Following a series of reports in The Algemeiner about three faculty members who espouse anti-Israel and anti-Semitic views, Rutgers University President Robert Barchi responded by defending their statements as an issue of academic freedom and dismissed The Algemeinter, TapInto, a local news website, reported last week.
The faculty in question are women's studies professor Jasbir Puar, microbiology professor Michael Chikindas, and adjunct professor of international law Mazen Adi. Adi, had, as recently as 2014, been a legal adviser to the Assad regime in Syria, which has been accused of committing war crimes against the civilian population of that country.
A month ago, The Algemeiner's Shiri Moshe reported that in a soon-to-be-published book Puar charges that Israeli soldiers deliberately wound Palestinians, instead of killing them thus "creating injury and maintaining Palestinian populations as perpetually debilitated, and yet alive, in order to control them."
Last year Puar was the subject of controversy when she promoted a conspiracy theory that Israel harvested the organs of Palestinian terrorists at a talk at Vassar. She also threatened to sue anyone who recorded the talk.
Two days later Moshe reported on Chikindas, who has posted anti-Semitic material to his Facebook page and called Judaism "the most racist religion in the world."
Moshe reported earlier this month, that while serving in the United Nations, Adi charged that "international gangs led by some Israeli officials are now trafficking children's organs." Rutgers officials subsequently defended hiring someone who was a member of a regime that had gassed its own people, explaining that Adi was hired because of "his expertise in international law and diplomacy, and other fields."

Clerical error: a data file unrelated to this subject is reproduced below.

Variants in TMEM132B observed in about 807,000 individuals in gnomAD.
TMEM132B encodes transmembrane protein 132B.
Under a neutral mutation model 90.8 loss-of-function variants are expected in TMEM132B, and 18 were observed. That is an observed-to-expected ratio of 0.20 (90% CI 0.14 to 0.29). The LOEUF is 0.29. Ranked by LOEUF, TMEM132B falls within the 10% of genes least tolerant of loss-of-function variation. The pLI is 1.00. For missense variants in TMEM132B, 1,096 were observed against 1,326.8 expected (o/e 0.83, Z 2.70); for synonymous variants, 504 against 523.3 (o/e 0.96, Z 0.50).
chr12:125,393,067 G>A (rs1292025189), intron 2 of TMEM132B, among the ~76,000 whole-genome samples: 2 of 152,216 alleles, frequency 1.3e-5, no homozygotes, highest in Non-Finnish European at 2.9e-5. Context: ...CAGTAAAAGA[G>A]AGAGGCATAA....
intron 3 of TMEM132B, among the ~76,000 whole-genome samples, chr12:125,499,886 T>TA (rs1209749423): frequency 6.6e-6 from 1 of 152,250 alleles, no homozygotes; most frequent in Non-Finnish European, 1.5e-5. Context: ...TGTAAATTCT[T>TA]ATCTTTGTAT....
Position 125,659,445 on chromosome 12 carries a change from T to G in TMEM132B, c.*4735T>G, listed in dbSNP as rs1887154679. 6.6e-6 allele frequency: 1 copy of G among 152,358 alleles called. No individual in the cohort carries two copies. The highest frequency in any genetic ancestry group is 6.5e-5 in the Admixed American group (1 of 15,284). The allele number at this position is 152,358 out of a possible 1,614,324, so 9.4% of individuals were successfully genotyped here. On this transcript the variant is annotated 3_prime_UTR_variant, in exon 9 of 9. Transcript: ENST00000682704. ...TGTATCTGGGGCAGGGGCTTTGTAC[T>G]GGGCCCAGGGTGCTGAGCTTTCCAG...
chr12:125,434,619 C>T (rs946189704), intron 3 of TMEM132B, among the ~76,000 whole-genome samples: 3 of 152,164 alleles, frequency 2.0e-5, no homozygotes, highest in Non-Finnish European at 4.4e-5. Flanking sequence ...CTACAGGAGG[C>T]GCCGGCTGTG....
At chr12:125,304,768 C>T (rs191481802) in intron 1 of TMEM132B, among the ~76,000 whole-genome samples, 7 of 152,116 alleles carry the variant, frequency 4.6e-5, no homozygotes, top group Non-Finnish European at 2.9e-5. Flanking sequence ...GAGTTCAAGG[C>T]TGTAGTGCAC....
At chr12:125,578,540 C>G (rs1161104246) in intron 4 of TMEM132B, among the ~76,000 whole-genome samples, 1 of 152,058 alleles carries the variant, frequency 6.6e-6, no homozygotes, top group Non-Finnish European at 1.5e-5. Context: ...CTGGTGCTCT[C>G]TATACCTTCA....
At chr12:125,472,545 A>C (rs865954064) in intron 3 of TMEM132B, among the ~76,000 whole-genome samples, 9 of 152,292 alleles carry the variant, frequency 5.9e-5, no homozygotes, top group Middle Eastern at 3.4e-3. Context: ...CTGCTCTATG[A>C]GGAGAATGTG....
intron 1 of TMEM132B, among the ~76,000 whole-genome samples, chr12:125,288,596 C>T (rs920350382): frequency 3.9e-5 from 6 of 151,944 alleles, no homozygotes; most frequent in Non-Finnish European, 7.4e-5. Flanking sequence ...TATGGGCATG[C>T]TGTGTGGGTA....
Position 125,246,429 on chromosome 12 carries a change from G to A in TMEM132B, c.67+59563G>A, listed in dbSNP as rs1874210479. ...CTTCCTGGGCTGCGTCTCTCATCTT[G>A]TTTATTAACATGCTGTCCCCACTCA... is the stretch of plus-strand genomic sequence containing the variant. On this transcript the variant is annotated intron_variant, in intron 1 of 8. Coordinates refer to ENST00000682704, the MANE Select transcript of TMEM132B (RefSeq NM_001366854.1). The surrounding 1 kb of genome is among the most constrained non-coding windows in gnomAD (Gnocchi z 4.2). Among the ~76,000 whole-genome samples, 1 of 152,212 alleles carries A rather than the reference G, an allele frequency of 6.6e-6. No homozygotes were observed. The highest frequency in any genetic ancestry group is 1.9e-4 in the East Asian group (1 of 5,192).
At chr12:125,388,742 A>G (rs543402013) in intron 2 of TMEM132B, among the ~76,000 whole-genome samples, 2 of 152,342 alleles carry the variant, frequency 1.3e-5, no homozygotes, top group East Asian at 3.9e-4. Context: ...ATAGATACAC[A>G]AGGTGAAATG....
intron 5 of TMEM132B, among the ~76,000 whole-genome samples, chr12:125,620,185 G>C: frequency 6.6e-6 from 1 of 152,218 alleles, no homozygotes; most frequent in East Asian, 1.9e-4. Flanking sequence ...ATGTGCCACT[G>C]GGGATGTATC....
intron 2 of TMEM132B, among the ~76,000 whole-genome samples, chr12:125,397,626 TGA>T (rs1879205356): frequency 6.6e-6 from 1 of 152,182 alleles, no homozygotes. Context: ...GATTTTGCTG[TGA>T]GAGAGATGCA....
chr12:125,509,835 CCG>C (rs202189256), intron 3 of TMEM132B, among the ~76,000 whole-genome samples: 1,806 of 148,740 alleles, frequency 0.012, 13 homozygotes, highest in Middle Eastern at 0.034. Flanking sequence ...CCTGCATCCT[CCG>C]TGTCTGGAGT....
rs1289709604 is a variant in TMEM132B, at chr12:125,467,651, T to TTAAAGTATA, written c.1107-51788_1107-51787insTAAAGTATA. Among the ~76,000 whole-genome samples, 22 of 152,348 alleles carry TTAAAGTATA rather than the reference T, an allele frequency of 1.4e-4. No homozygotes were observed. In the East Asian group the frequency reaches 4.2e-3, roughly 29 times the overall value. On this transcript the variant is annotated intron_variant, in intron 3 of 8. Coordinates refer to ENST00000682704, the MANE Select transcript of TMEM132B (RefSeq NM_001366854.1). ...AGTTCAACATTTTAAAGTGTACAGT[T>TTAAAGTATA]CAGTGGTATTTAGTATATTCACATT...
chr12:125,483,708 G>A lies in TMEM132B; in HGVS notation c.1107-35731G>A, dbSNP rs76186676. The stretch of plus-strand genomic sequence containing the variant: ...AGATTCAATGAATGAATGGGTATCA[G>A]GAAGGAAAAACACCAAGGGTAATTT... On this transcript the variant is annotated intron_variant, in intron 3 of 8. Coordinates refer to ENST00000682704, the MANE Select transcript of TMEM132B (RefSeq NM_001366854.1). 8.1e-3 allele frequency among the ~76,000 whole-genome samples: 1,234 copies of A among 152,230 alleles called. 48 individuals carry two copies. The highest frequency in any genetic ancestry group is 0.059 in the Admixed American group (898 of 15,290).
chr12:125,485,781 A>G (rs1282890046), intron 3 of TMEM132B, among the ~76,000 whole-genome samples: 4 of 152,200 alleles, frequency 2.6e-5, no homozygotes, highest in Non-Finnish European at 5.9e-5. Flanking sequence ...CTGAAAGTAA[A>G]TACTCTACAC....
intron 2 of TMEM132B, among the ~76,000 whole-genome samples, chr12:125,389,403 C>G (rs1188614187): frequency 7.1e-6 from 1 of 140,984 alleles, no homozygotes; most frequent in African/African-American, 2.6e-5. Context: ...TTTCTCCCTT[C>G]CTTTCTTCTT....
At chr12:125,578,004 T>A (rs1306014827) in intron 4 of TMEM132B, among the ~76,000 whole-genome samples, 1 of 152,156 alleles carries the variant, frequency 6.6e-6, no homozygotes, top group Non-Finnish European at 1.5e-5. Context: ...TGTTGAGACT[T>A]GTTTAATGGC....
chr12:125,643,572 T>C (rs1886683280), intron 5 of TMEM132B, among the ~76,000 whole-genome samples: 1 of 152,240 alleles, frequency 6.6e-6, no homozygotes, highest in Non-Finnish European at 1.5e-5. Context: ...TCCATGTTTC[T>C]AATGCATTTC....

"We're fully aware of his past, having vetted his employment credentials," Barchi said of Adi at the townhall meeting. "Everything is absolutely in order."
Dovid Efune, editor-in-chief of The Algemeiner wrote Tuesday, that, at the meeting, Barchi also disparaged The Algemeiner as "a blog out of New York, which is the follow-on to what was a Yiddish-language newspaper that folded 10 years ago." In fact, The Algemeiner has been publishing a print edition, featuring both articles in both Yiddish and English, for the past 40 years and has never gone out of business.
Efune lamented that Barchi "spent more time praising the employees in question than he did explaining to students why their views are deeply problematic."